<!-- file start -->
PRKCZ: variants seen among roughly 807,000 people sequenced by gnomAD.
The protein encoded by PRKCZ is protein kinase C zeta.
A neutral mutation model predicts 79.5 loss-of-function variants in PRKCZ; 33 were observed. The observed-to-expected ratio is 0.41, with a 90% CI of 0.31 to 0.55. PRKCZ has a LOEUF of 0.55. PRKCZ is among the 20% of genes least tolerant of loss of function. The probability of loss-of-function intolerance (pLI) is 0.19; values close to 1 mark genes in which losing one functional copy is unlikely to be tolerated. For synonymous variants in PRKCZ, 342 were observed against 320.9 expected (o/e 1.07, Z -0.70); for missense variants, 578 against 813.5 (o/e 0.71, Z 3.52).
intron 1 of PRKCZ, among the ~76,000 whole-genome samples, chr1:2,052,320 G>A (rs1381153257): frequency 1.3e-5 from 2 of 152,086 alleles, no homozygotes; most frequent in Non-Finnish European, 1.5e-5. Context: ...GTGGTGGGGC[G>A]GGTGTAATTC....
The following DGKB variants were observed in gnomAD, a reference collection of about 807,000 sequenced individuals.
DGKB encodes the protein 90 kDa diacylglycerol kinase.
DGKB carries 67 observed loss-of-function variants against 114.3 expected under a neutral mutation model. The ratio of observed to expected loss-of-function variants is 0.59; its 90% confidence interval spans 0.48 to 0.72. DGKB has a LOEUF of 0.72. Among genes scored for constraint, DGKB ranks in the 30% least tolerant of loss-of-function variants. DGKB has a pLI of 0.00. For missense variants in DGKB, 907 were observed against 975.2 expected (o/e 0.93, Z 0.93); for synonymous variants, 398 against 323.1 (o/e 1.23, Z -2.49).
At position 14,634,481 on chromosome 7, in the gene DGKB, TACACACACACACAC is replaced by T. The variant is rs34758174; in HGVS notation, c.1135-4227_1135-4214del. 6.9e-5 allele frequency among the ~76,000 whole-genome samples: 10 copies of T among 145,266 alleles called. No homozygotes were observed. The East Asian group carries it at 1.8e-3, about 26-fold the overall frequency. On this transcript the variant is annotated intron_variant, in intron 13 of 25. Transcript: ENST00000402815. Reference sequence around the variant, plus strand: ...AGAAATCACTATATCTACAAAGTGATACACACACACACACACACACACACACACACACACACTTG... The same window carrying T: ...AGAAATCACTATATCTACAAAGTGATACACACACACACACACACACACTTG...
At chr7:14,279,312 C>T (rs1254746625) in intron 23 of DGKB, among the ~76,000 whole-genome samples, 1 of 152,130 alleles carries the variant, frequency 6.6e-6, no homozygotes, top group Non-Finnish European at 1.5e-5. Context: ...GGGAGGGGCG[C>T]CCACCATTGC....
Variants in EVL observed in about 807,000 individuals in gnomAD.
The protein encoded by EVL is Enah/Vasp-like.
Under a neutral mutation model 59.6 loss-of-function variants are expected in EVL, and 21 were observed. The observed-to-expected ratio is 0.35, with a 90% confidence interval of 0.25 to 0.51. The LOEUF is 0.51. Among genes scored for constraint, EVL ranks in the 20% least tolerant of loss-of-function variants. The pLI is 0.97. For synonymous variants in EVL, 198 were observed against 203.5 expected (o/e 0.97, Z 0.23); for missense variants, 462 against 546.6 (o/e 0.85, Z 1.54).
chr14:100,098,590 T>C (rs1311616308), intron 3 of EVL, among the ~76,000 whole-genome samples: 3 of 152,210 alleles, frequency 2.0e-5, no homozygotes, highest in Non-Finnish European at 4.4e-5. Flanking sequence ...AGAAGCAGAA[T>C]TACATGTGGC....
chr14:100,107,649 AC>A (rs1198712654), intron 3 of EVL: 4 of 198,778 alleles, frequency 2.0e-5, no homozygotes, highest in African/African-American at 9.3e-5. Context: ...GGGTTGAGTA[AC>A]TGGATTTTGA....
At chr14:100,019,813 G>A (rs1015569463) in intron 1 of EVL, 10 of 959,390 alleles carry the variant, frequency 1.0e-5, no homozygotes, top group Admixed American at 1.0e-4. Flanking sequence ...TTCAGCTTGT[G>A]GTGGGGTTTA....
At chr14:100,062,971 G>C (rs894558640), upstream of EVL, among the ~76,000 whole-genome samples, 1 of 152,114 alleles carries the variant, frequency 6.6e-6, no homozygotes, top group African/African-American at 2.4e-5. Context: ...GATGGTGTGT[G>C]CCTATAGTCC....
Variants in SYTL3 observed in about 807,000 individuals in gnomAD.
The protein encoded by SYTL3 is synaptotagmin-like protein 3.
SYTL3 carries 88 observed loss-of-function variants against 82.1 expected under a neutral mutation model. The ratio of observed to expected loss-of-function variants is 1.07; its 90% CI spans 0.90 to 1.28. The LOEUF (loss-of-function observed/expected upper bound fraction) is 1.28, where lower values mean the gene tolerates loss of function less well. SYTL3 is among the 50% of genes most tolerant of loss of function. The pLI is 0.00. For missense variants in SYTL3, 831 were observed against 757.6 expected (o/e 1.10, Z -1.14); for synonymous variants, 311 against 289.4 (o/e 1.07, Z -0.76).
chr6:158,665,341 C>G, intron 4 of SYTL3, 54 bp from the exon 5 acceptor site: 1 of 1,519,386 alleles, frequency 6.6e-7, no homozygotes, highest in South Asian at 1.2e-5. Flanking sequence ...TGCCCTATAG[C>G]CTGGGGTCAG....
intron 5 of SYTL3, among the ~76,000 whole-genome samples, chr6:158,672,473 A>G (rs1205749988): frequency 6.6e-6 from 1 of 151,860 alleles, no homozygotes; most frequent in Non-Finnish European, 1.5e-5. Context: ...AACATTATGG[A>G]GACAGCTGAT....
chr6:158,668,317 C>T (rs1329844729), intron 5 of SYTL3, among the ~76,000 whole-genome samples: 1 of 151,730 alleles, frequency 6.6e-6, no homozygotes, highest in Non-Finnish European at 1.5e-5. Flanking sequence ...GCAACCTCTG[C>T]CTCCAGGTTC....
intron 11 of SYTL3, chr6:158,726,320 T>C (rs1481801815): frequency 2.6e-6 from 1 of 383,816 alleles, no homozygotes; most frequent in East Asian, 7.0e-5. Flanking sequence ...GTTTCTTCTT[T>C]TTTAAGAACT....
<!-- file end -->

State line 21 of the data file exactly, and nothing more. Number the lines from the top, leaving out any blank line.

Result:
intron 5 of SYTL3, among the ~76,000 whole-genome samples, chr6:158,672,473 A>G (rs1205749988): frequency 6.6e-6 from 1 of 151,860 alleles, no homozygotes; most frequent in Non-Finnish European, 1.5e-5. Context: ...AACATTATGG[A>G]GACAGCTGAT....